Yesterday's blog introduced using ITS on tile. Above are image from my stepson Chris' and Hailee's wedding. I decide to do these in color because the orange and turquoise color scheme really pops. You can see the imperfections in the images, but that's part of their charm.
Depending on your image, you may want to tear the edges so it doesn't have a hard edge. Above is the difference between a straight edge and a torn edge. If your photos are black and white, the light parts of the photo will naturally disappear, creating a soft edge even when the image is cut straight, such as in the image below.
The tile below has a lot of white spots because the paper bubbled. Sometimes, like in this tile, they turn out looking great. In general, though, you want to avoid bubbling because if you get a white spot on someone's face, or an important part of the picture, it's a do-over.
The white film on the lower part of the image means that all the paper has not been removed yet. It needs to be polished some more with the blue 3M polishing sheet under running water.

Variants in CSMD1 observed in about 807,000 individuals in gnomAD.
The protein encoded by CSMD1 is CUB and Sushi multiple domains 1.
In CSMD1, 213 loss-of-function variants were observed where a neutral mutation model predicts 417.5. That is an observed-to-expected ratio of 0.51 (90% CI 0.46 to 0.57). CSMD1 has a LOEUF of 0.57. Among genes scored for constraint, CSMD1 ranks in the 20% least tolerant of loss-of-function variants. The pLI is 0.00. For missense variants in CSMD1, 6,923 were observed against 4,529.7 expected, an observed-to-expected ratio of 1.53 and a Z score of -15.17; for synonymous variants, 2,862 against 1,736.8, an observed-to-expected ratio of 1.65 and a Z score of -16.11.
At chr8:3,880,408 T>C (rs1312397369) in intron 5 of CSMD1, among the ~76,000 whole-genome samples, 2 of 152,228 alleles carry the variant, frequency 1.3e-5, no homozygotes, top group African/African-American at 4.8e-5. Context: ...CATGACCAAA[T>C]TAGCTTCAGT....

Since tile has natural dips and bumps, sometimes it will interfere with the picture. The bride's face on this tile gets lost in the natural contours. It would be best to start over and turn the picture a quarter turn.
Remember that your own images might require some experimentation. Luckily, if you don't like the first result, it's easy to sand it off and start over. I've had so much fun with this new technique, I've got more coasters than I know what to do with!